Monday, January 14, 2013

What Lies in Store for Our Neighbours to the South

This is taken directly from the draft National Climate Assessment prepared by U.S. government scientists for release next year.  It is taken from the introduction to the chapter on water.

1. Annual precipitation and runoff increases are observed now in the Midwest and 18 Northeast regions and are projected to continue or develop in northern states; 19 decreases are observed and projected in southern states. 20

2. Summer droughts are expected to intensify in most regions of the U.S., with longer 21 term reductions in water availability in the Southwest, Southeast, and Hawai‘i in 22 response to both rising temperatures and changes in precipitation. 23

3. Floods are projected to intensify in most regions of the U.S., even in areas where 24 average annual precipitation is projected to decline, but especially in areas that are 25 expected to become wetter, such as the Midwest and the Northeast. 26

4. Expected changes in precipitation and land use in aquifer recharge areas, combined 27 with changes in demand for groundwater over time, will affect groundwater 28 availability in ways that are not well monitored or understood. 29

5. Sea level rise, storms and storm surges, and changes in surface and groundwater use 30 patterns are expected to challenge the sustainability of coastal freshwater aquifers 31 and wetlands. 32

6. Air and water temperatures, precipitation intensity, and droughts affect water 33 quality in rivers and lakes. More intense runoff and precipitation generally increase 34 river sediment, nitrogen, and pollutant loads. Increasing water temperatures and 35 intensifying droughts can decrease lake mixing, reduce oxygen in bottom waters, 36 and increase the length of time pollutants remain in water bodies. 37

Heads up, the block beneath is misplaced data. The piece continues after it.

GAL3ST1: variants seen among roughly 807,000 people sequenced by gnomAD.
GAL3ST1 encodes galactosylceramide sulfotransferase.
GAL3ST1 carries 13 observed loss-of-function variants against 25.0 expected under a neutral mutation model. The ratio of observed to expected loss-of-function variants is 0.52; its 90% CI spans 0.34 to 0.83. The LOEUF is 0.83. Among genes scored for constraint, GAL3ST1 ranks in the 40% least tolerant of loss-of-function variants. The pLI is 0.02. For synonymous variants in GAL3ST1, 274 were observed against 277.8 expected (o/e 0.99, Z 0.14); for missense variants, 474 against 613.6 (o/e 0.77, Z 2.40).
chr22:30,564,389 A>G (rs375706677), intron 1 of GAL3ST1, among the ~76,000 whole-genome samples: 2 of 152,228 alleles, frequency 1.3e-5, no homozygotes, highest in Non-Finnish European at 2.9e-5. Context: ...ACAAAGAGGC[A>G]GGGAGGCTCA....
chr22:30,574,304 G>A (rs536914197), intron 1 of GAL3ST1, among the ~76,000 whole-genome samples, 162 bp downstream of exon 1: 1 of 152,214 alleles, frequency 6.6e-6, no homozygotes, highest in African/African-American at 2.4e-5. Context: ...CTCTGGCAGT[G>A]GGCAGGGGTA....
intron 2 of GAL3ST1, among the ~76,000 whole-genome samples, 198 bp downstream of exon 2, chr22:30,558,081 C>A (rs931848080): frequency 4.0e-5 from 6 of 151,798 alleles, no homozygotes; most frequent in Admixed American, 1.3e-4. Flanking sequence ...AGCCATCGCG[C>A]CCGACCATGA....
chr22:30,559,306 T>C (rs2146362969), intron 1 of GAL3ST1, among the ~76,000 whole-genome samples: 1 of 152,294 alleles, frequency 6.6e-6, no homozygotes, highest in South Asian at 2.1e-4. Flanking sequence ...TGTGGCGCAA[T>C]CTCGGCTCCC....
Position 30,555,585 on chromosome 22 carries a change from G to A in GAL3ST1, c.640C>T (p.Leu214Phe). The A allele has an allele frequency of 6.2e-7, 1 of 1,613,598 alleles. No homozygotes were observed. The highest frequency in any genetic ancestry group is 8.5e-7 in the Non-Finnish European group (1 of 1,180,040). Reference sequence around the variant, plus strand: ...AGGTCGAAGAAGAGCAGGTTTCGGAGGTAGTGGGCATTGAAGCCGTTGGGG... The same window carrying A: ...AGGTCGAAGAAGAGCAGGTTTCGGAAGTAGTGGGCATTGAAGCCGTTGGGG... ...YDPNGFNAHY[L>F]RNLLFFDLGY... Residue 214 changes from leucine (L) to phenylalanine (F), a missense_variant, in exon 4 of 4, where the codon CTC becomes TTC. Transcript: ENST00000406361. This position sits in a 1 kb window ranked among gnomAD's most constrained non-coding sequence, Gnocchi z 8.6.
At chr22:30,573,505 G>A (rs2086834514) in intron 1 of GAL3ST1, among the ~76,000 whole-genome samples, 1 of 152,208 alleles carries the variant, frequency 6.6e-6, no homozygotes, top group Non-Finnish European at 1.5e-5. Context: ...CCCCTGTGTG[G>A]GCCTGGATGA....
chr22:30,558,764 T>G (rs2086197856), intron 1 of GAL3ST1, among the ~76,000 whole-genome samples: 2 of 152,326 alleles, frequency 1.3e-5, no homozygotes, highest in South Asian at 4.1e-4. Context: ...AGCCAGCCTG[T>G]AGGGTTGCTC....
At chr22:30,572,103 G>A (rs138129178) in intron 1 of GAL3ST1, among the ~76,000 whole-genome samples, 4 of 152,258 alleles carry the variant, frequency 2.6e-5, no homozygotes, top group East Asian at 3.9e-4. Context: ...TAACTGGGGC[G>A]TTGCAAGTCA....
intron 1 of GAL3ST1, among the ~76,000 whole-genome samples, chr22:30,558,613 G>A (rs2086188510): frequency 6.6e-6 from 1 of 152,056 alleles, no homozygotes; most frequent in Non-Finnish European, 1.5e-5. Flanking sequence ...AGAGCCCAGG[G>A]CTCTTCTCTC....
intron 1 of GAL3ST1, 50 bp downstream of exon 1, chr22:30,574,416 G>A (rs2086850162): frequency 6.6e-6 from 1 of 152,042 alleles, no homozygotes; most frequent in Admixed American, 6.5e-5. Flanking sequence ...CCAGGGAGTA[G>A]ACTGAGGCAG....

There it is.   America is already in and faces a worsening water crisis.  Precipitation patterns are shifting northward with precipitation declines across the already drought-stricken southeast and southwest.   Many parts of the country, particularly the grain belt,  are expected to endure cyclical droughts and floods.

Surface water resources are becoming distressed and are expected to sustain increases in sediment, nitrogen and pollution levels that can kill lakes.

What is beyond the scope of the NCA is what this means for Mexico and Central America and the challenges those will present to the southern U.S.

Remember, this is only one chapter, the one on water, that I cherry picked out of the much larger report.  There's more, plenty more.

There are the reports.   Here's a link to the National Climate Assessment.   Here's a link to the recent paper published in the Proceedings of the Royal Society.   These two reports will give you an up to date and deliberately stark look at what we're facing.   The question you have to answer is if you're just going to look the other way...  sort of like all the frontrunners for the Liberal leadership.


Anonymous said...

Holly Stick said...

And some Americans just assume they will be able to get water from Canada.

The Mound of Sound said...

There are some who feel the Great Lakes should become something of a reservoir for the south. To date the Great Lake States and their counterpart Canadian provinces have banded to resist the initiative.

It's a good idea to keep a wary eye on the state of Mississippi River navigation.